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A model for best practice HTA


  • Marion Haas

    () (CHERE, University of Technology, Sydney)

  • Jane Hall

    () (CHERE, University of Technology, Sydney)

  • Rosalie Viney

    () (CHERE, University of Technology, Sydney)

  • Gisselle Gallego

    () (CHERE, University of Technology, Sydney)

  • Stephen Goodall

    () (CHERE, University of Technology, Sydney)

  • Richard Norman

    () (CHERE, University of Technology, Sydney)

  • Kees van Gool

    () (CHERE, University of Technology, Sydney)


The aims of this paper are: to review and describe different approaches to HTA used in Australia and in other countries and to identify the features of best practice in HTA, particularly those likely to be most relevant to HTA at a local (ie state/regional) level. There are a number of well-developed models of HTA at the national and local levels. Most information about the operation of these models, particularly about the type and number of evaluations conducted, the recommendations/decisions made and the reasons for these is available for national processes, but there is much less readily available documentation about local level HTA. Most HTA processes that operate nationally and internationally can be categorised in one of three ways: guidance (provides structured information about appropriate technologies), mandatory (provides mandatory information about technologies to be implemented) and funding and implementation (provides structured evidence-based advice about which technologies should be implemented, the level of funding required to implement them and the source of these funds). The main factors which distinguish a high quality HTA process are that i) it is efficient in terms of setting priorities, the scope of the technologies to be assessed, avoidance of duplication and overall cost of the process, ii) the overall impact on utilisation and health budget is calculated as part of the HTA and iii) procedural justice occurs and is seen to occur; iv) it includes a comprehensive assessment of the impact on issues such as workforce, credentialing of providers and the ethical dimension of the technology; v) it influences decision making by being communicated appropriately and using trusted methods; vi) it influences adoption and diffusion of technology by ensuring that there is no diffusion prior to HTA, the results are incorporated into guidelines or recommendations, funding is linked to the decision, and remuneration arrangements and other characteristics of the HS facilitate the appropriate adoption and diffusion and vii) it influences health outcomes/efficiency/equity by ensuring that the methods and/or results are available and able to be used at a local level. Firm recommendations for an ideal system for HTA at the local level are not possible as much of the necessary information and evidence is not available about the strengths and weaknesses of HTA practices and processes currently in use. However, it is likely that the operation of a successful model of HTA at a local level would require the development of a central organizational unit, a process for implementing the results of HTA and, crucially, the building of capacity to support both types of activities. Additional expertise and skills will be required for both providers of HTA evaluations and for the commissioners and users of HTA.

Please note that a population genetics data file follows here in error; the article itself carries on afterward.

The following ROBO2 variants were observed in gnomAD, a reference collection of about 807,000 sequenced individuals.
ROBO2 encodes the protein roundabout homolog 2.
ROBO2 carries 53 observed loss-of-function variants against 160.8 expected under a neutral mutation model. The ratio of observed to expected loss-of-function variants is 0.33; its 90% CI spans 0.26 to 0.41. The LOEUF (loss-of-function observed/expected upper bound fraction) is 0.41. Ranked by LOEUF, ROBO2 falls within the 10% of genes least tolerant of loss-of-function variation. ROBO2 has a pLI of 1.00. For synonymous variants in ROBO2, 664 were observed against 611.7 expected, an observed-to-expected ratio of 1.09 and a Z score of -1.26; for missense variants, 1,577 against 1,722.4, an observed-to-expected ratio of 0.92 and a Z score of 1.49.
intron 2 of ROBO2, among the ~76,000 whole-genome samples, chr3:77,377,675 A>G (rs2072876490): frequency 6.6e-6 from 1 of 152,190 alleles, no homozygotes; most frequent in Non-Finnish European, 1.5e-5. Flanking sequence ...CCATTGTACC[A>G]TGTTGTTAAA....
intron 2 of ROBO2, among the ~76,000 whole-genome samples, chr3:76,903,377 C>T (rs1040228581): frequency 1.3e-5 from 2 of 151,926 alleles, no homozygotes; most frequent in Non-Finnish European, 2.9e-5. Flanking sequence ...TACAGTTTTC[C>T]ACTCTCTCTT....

Suggested Citation

  • Marion Haas & Jane Hall & Rosalie Viney & Gisselle Gallego & Stephen Goodall & Richard Norman & Kees van Gool, 2008. "A model for best practice HTA," Working Papers 2008/1, CHERE, University of Technology, Sydney.
  • Handle: RePEc:her:chewps:2008/1

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    More about this item


    health technology assessment; Australia; review;

    JEL classification:

    • I10 - Health, Education, and Welfare - - Health - - - General

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